It’s taken me a long time to come to that realization. I first read The Things They Carried five years ago. I’ve read at least parts of it every year since then. Most of my college literature professors taught the namesake short story (which is the first novel chapter).
And although I’ve always said that my fiction writing is influenced by The Chronicles of Narnia or The Sandman or any other important books I’ve read in my life, the truth is that those two sentences from The Things They Carried has influenced my writing more than all those other things combined.
The book is perhaps the most challenging I’ve ever read, or ever will read, both from the perspective of writing craft and from the perspective of subject matter. The images and scenes are vivid and hard to face. They show carnage, destruction, cruelty and disfigurement, all of which are worse than death.
O’Brien’s writing is the same. He tears the craft apart, destroys the genre of fiction and leaves it bleeding and raw with its guts hanging out and its head cut off and posted on a stake at the entrance.
And that is why The Things They Carried is the most beautiful book I’ve ever read.
O’Brien inserts himself into the narrative as a writer character, and all one has to do to know that author-O’Brien actually fought in Vietnam is to read the author bio on the back cover. These two things automatically put the book into the realm of autobiographical fiction.
But then he tells us: “I’m forty-three years old, true, and I’m a writer now, and a long time ago I walked through Quang Ngai Province as a foot soldier.
“Almost everything else is invented.”
We expect fiction to be invented. But going into this book, we expected it to be mostly real, with some of the names and places changed, and more drama added to make it interesting. But that ruins our expectations and leaves us wondering whether or not it’s autobiographical or not.
That’s the wrong question to ask. The real question is, does it matter whether or not any of these things happened? “Story-truth is sometimes truer than happening-truth.”
The next question to ask us what author-O’Brien accomplishes by inserting character-O’Brien into the narrative when he could have invented a new narrator, written the story-truth and had faith in the reader to understand that this work of fiction, like all works of fiction, was meant to impart some small truth about humanity and the world around us. He could have left the fiction pristine and beautiful, but instead he disfigures it, makes it foreign, makes it “other.”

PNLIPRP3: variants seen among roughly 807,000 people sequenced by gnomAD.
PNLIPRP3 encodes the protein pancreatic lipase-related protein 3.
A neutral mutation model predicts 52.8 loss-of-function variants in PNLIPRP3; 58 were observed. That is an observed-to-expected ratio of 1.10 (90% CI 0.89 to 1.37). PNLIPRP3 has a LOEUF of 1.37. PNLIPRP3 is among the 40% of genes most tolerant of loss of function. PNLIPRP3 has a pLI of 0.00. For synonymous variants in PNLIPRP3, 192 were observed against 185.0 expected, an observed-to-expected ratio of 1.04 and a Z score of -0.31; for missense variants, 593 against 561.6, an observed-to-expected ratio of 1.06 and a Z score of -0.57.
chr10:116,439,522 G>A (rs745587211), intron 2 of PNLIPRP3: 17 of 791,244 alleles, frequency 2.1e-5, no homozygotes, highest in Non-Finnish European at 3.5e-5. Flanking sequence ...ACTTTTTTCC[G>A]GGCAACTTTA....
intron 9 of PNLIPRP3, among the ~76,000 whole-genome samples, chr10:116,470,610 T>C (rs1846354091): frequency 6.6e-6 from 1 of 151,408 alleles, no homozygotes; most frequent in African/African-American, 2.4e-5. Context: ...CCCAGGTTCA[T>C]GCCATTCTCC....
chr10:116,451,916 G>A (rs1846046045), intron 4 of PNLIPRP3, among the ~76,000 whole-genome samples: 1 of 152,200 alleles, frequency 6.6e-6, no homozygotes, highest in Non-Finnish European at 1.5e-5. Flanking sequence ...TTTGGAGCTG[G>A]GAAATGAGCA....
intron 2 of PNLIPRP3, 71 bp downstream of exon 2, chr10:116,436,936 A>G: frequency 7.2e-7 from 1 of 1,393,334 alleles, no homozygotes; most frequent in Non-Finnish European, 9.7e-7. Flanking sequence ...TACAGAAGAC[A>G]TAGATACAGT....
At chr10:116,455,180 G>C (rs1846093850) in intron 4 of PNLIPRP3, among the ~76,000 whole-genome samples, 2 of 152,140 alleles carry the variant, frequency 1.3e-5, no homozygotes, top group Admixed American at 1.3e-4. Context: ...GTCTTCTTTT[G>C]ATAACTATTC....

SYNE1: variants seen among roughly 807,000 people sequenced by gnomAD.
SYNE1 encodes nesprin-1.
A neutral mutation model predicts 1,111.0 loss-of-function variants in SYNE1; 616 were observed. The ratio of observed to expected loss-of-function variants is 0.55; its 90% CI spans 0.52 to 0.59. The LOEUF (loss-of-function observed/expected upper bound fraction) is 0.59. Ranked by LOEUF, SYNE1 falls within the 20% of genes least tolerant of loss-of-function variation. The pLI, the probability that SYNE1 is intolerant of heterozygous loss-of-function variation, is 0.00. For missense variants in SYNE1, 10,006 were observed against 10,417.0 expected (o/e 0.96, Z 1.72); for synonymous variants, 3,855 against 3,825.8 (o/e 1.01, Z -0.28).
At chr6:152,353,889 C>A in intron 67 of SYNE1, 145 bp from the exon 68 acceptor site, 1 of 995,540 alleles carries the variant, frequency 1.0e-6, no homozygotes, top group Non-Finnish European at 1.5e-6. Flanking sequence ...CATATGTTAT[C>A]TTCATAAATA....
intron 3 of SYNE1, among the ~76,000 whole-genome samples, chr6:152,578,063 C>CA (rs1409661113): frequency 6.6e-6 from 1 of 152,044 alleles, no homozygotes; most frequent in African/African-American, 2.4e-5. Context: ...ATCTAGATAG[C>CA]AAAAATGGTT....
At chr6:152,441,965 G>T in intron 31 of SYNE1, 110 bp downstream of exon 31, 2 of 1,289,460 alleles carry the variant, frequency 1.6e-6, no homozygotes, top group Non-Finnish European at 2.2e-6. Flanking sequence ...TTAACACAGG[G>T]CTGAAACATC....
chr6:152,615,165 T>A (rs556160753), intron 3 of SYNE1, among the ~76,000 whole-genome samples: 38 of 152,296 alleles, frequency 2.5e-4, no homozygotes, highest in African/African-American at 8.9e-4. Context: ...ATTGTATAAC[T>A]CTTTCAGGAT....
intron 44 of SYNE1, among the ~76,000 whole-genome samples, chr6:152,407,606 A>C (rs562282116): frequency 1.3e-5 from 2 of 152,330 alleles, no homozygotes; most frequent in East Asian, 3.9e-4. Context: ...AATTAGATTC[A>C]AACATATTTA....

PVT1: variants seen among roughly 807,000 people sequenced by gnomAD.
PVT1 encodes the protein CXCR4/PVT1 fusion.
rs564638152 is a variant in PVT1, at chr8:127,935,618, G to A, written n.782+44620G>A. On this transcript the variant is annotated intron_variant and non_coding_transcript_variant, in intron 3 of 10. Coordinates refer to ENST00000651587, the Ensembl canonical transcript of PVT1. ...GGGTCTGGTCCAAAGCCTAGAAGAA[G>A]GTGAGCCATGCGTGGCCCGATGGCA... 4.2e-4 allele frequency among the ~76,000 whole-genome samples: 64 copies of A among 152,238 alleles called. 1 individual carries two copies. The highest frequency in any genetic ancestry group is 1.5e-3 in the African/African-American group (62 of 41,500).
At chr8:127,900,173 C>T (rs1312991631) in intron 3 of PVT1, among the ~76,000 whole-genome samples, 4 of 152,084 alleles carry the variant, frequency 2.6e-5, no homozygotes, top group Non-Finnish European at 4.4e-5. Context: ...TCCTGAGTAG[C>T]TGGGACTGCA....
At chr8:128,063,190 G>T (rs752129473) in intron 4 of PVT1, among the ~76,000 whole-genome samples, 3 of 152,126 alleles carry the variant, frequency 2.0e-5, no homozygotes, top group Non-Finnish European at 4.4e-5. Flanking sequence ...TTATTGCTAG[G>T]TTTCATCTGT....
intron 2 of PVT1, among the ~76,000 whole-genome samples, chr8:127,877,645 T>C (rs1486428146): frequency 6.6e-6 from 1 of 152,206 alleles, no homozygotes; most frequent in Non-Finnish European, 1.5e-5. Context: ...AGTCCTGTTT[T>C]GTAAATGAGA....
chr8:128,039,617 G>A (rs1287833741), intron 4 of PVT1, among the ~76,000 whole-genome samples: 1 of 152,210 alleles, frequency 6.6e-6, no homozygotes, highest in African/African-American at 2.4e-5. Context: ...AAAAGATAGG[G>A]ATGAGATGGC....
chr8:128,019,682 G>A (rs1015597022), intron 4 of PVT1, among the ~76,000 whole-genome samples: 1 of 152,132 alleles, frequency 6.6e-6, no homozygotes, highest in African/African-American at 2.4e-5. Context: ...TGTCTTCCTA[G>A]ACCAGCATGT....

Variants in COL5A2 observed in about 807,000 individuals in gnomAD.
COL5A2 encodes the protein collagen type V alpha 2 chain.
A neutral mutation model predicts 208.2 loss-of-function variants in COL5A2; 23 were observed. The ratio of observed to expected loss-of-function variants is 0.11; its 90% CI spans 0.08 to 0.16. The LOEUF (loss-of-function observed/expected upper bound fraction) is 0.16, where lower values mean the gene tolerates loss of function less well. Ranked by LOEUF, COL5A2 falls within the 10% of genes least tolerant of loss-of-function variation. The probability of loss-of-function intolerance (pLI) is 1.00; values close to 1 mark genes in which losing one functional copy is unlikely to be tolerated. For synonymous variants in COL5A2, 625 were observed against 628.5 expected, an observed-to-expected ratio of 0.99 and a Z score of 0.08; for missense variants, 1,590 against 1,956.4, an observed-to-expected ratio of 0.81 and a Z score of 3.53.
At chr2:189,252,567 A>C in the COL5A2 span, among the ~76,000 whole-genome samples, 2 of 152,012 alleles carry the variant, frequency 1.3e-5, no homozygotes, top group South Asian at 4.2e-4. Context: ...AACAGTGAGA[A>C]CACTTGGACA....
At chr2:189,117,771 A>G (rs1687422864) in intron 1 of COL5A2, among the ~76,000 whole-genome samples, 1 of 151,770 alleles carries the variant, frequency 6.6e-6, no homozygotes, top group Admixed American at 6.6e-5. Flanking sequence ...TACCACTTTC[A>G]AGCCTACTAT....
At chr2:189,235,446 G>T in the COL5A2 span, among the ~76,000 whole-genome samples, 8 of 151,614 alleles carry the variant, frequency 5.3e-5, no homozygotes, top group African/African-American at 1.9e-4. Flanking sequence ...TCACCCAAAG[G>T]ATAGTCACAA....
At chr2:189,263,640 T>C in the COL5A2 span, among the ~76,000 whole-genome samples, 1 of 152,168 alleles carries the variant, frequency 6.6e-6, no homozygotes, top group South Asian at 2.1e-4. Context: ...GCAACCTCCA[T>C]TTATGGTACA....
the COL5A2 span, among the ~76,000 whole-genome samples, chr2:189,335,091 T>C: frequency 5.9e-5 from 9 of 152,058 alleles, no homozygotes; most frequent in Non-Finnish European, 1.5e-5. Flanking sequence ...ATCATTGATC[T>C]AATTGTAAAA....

In doing that, he tells us his goal in writing the book. He gives the purpose away. “I want you to feel what I felt.”
And, like character-O’Brien, there are times when I wanted nothing more than to turn away and burn the images from my eyes because they refused to leave, and they left me with a lonely, helpless sick feeling that I couldn’t shake for days.
That is enough to justify giving away the book’s purpose in such a blatant and anti-fiction manner. “Plot” is unimportant. Truth is the only thing that matters here, and truth can only be reached through experience. Knowing the end is not enough. Character-O’Brien tells us the end to most of the stories before he tells them. But the reader must experience the journey in order to discover the truth.
Still, what does character-O’Brien accomplish that a neutral, non-metafictional narrator couldn’t have accomplished? Perhaps the answer is obvious, but by confronting the reader with these strange ideas that fiction is truer than reality, author-O’Brien ensures that we think about it in a way a neutral narrator could not.
By aggressively pursuing the ideas that truth is the ultimate goal of fiction, not plot or character development or anything else, author-O’Brien forces the reader to examine what “truth” even means—is reality true? Are feelings true? Are both? Neither?
Character-O’Brien’s presence inevitably leads the reader to think about author-O’Brien and whether or not the events in the book happened, despite the fact that character-O’Brien tells us they didn’t.
The dedication, which mentions all of the book characters, casts further doubt on the book’s fiction. “This book is lovingly dedicated to…Jimmy Cross, Norman Bowker, Rat Kiley, Mitchell Sanders, Henry Dobbins, and Kiowa.” All of those men are characters. But were they also real people? Did he change the names?
It doesn’t matter. What matters is that you’re wondering if they were real people and if author-O’Brien changed the names. What matters is that after reading The Things They Carried, you will think about truth. You will think about writing, and what it means to write. You will think about the difference between story-truth and happening-truth, and you will think about each and every book you read afterwards in a completely different way, and you will think about your own world, and your own truth.
Sometimes story-truth is truer than happening-truth.